Published on Thu, Sep 28, 2006
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Classes teach how to garden by the bay
The Shore Stewards, a volunteer group led by Washington State University’s Beach Watchers program, will host a shoreline gardening workshop from 9:30 a.m. to 12:30 p.m., October 7 at Bellingham’s Maritime Park in the Environmental Learning Center.

Native plant specialist Shelly Wiseberg, along with WSU compost expert Joyce Jimerson and WSU pest management specialist Kristine Schlamp, will teach about creating green gardens while preserving the marine waters that depend on them.

Coffee and pastries will be provided. Cost is $10 per person, $15 per couple and free for members of the Shore Steward program. For more information, call 676-6736.

Beach closures
Marine biotoxins that cause paralytic shellfish poisoning (PSP) have been detected at concentrations above the safe level in shellfish samples collected from Whatcom County on September 25. As a result, the Washington State Department of Health (DOH) has closed all Whatcom County beaches to the recreational harvest of shellfish. Commercially harvested shellfish are sampled separately and products on the market should be safe to eat.

Warning signs have been posted at high use public beaches, warning people not to collect shellfish. The closure includes clams, oysters, mussels, scallops and other species of molluscan shellfish. Crab is not included in the closure, but the “crab butter” should be discarded, and only the meat should be eaten.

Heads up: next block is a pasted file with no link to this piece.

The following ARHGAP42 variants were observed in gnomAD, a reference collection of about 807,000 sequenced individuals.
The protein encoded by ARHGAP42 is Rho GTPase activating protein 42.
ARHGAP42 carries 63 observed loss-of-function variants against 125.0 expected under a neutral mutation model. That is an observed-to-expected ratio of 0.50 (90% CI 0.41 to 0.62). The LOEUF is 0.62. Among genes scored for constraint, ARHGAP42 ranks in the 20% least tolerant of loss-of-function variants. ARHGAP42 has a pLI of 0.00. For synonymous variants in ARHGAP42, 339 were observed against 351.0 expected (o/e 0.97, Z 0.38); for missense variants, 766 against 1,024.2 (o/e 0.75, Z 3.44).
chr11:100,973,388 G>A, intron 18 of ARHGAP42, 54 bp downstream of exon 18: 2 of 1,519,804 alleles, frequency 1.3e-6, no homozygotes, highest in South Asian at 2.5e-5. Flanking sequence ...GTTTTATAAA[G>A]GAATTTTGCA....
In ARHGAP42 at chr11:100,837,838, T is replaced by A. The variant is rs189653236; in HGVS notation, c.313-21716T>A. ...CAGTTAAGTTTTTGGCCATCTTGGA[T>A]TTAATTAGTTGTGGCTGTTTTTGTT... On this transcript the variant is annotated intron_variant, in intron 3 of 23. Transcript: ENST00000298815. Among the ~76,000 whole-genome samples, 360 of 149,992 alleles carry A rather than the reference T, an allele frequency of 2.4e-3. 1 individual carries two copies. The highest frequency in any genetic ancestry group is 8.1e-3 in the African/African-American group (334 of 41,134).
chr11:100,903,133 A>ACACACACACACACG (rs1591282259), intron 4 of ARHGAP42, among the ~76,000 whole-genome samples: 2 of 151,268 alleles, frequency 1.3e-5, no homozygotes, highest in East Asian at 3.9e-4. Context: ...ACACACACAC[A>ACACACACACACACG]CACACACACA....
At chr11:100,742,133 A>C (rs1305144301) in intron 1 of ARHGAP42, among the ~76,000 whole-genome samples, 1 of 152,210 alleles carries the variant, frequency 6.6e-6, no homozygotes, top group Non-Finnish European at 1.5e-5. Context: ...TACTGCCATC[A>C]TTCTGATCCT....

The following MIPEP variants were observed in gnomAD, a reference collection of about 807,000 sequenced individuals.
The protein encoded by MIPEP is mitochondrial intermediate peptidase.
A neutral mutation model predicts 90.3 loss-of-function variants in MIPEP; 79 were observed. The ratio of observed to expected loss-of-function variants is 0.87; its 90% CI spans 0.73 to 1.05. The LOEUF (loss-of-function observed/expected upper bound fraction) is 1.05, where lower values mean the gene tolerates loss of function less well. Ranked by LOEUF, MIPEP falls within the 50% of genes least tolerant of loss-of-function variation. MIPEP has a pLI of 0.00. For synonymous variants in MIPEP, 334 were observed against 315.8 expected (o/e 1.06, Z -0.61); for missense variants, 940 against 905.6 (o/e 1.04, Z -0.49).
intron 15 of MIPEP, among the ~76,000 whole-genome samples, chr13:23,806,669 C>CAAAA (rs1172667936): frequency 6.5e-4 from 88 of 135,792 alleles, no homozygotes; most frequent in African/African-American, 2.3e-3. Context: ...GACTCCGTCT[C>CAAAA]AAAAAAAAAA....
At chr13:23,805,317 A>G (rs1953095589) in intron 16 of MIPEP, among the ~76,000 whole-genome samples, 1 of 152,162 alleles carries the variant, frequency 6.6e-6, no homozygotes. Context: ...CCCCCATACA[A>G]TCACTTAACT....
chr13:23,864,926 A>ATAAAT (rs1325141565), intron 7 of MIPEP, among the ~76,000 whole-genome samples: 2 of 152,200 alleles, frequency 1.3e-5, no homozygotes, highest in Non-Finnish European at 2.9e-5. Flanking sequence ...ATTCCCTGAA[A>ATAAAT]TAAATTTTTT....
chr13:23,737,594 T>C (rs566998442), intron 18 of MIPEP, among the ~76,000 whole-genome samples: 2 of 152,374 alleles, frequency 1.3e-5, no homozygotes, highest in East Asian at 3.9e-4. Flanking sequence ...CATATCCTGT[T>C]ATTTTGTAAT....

Marine biotoxins are not destroyed by cooking or freezing and can be life-threatening. People can become ill from eating shellfish contaminated with the naturally occurring marine algae that contains toxins that are harmful to humans. Symptoms of PSP can appear within minutes or hours and usually begins with tingling lips and tongue moving to the hands and feet followed by difficulty breathing, and potentially death. Any one experiencing these symptoms should contact a health care provider. For extreme reactions call 911.

In most cases the algae that contain the toxins cannot be seen, and must be detected using laboratory testing.

Therefore, recreational shellfish harvesters should check the DOH website at or call the DOH Biotoxin Hotline at 800/562-5632 before harvesting shellfish anywhere in Washington state.
Whatcom County Health department staff will collect additional samples in two weeks to determine if local beaches may be opened for recreational shellfish harvesting.

Fall event cleans up two tons
Last Saturday’s Fall Community Cleanup resulted in almost two tons of trash and other debris removed from the beaches and roadsides of Birch Bay, according to Blaine Bay refuse.